For these cases, another concept in a form of “digital signature” has been developed in order to facilitate digital signing (execution) of the mentioned types of documents. However, the list of documents to be signed with digital signatures varies from state to state.

What is a digital signature and what does Armenian legislation have to say about this?

A digital signature can be qualified as the replacement of “wet ink” signature in the virtual world. It is a sequence of encrypted symbols attached to an electronic document, enabling identification of the signer and is issued by a state authority or other certified organization.  For example, Docusign, by being one of the most widely used applications for electronic signature, is qualified in certain jurisdictions (e.g. US, EU members) as a certifying authority of digital signature.

Armenia is also not falling behind in the development of special legal acts addressing the issues of digital signatures and has a specific law since 2004 providing a legal framework for the use of such signatures, as well as e-documents. 

The Law of RA on “Electronic Documents and Electronic Digital Signature” provides a definition for digital signature as “obtention of signature-creation data and a cryptographic data modification of the given electronic document presented in a unique sequence of symbols in electronic form, which is attached or logically associated with an electronic document and which is used to identify the signatory, as well as to protect the electronic document from forgery and distortion.”



The above-mentioned law defines that all services to be received electronically from state and local self-government authorities can be requested via the use of digital signature (the obtention procedure of which is presented below). At the same time, there are specific cases established by other laws, which provide for the obligation of parties to use digital signature, in case of electronic execution of the document. For example, the Armenian Law “On Protection of Personal Data” provides that the consent of the provider of the personal data, in case of electronic execution, should be signed via electronic digital signature.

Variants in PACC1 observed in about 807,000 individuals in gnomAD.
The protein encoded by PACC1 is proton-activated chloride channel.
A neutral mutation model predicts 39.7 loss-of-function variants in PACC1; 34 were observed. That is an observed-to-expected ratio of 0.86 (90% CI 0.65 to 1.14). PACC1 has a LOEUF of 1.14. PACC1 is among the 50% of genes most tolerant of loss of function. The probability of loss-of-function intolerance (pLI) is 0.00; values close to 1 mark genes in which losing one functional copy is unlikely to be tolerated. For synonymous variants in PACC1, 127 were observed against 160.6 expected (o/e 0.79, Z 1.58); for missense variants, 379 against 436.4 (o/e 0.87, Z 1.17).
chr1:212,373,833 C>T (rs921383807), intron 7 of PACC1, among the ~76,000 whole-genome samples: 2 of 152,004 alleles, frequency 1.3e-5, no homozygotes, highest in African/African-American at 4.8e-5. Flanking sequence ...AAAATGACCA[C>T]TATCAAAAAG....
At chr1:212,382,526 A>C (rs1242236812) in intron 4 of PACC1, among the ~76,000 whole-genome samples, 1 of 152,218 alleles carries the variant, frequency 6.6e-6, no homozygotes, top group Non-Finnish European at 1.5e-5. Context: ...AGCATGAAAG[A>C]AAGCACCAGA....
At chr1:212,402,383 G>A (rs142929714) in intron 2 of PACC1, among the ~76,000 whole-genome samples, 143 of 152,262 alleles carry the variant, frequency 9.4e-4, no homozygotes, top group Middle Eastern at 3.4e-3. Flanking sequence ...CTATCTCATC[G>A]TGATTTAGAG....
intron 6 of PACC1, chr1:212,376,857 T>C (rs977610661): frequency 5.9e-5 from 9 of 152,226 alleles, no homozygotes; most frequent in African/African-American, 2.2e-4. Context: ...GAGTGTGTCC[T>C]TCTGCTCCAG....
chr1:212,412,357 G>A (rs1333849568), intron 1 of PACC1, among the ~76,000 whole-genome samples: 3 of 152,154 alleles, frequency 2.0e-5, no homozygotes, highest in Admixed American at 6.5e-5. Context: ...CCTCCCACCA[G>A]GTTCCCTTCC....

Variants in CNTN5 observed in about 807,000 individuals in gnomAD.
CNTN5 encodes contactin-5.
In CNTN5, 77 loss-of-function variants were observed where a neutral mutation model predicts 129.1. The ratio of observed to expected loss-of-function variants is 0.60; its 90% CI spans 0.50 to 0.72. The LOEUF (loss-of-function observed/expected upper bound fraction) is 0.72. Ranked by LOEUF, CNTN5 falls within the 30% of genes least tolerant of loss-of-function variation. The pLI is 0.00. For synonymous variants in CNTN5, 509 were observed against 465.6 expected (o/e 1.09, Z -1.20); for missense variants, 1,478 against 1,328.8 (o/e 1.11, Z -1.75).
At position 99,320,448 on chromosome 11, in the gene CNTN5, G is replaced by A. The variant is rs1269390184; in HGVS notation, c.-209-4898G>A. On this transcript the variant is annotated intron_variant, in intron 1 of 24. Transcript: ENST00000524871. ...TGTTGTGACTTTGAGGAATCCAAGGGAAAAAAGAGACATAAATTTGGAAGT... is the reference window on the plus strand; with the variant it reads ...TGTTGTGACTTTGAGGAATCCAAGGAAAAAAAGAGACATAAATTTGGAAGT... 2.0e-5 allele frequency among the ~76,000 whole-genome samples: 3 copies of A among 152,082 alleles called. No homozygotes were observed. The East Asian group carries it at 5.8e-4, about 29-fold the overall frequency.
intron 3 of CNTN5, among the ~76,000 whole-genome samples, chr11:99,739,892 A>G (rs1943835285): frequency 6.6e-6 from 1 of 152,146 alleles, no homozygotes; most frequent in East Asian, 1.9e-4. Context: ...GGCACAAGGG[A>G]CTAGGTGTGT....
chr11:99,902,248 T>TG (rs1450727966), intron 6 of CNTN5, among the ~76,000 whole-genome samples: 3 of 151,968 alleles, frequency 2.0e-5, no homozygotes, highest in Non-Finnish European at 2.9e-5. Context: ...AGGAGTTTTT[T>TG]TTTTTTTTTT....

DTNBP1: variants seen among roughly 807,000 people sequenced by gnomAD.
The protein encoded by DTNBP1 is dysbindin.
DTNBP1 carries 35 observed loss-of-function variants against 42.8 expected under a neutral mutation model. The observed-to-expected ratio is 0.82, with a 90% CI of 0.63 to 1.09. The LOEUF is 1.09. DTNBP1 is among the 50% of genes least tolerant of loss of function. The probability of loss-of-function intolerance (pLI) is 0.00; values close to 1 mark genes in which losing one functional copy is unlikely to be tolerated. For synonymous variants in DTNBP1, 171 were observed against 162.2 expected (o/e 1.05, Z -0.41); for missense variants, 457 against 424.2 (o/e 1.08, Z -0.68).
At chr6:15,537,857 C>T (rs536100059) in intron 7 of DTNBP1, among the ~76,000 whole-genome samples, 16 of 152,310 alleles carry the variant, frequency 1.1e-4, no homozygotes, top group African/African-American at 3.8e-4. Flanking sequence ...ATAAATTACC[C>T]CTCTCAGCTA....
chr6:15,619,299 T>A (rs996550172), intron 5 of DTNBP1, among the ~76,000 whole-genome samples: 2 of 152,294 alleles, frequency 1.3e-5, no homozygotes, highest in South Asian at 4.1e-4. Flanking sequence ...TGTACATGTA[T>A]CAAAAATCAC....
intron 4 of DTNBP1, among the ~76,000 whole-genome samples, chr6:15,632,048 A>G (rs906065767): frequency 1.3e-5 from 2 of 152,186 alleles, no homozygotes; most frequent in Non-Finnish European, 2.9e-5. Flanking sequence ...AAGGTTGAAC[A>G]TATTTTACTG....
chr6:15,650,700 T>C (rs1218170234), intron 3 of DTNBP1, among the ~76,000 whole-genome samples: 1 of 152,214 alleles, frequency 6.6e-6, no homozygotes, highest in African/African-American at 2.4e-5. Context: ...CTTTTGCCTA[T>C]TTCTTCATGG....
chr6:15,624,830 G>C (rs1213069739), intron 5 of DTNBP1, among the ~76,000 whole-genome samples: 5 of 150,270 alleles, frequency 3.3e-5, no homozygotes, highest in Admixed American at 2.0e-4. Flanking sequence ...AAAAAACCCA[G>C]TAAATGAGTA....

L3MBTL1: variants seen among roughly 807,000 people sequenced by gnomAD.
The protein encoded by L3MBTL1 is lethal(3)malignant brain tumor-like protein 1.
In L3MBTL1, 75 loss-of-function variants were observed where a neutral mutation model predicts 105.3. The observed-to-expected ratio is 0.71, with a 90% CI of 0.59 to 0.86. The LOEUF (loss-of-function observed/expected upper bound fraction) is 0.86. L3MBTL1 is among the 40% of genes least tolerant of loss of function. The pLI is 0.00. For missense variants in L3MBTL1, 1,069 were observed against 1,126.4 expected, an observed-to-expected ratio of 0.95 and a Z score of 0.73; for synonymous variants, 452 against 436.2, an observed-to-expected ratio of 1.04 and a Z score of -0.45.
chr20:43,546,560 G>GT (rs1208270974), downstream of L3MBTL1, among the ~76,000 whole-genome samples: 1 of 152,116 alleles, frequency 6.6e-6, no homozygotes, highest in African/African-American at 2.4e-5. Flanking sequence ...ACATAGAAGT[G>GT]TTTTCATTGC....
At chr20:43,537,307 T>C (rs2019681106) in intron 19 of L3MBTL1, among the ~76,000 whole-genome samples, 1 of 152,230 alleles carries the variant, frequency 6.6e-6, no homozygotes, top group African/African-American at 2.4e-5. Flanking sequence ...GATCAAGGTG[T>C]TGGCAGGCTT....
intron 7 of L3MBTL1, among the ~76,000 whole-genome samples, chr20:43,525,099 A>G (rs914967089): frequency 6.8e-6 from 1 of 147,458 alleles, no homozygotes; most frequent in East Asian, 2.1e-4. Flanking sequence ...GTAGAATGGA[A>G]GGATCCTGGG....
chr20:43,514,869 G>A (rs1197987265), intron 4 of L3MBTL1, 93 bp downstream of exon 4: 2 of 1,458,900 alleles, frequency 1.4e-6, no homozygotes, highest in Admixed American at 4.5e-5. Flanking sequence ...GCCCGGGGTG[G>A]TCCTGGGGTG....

This means that the use of applications providing the possibility for electronic signatures are possible unless contracting parties are dealing with public authorities and other organizations (e.g. commercial banks, Central Depositary, etc.), which, based on their internal acts, accept only documents signed by digital electronic signature, or, unless the requirement of electronic digital signature for certain type of document is set by applicable law.

In Armenia, the electronic digital signature is provided by “EKENG” closed joint-stock company, which is the only digital signature certification center in Armenia. Obtention of the digital signature in Armenia takes several days and costs an annual fee of AMD 3,000. In addition, in order to sign a document via digital signature, a specific software - an ID card reader, shall be used by the signer.

The world is moving forward fast, and nowadays it is possible to even notarize an electronically signed document via e-notaries. Unfortunately, this is not possible in Armenia at this point.



For the purposes of signing document using an electronic signature, please:

  1. Make sure, that the governing law does not require a digital signature for execution of a specific document.
  2. Make sure, that there is no other/specific condition set out by agreement(s) between the parties.
  3. Make sure that at least the requirements mentioned above are met while executing the document. However, as these requirements may vary on case-by-case basis, we advise you to get your lawyer’s opinion related to the specific case, in order to establish that, at least:
    1. the contracting party (parties) is (are) aware that the document is executed (signed) electronically, is (are) aware of all the conditions set out in the document and has (have) given its explicit consent to be bound thereby;
    2. the consent given by the contracting party (parties) is indeed authentic and attributable to the contracting party;
    3. the executed (signed) document has been accurately communicated between the parties, as well as the records of such communication are dully retained;
    4. such other requirements, which may be set by the applicable law or prior arrangements between the parties are met.

In short, the simple question is “are electronic signatures, including those made by respective applications, legally binding and enforceable?”. And the short and simple answer is yes, as long as certain requirements, analyzed and referred to above, are met.

As a final note, we believe that in order to alleviate the current crisis situation caused by COVID-19 and to ensure a normal working process for remote businesses, there is a need to make legislative changes and adopt a respective decision, which will provide the possibility of accepting documents, signed by any application allowing the use of electronic signature, by all Armenian state authorities, as well as private sector companies.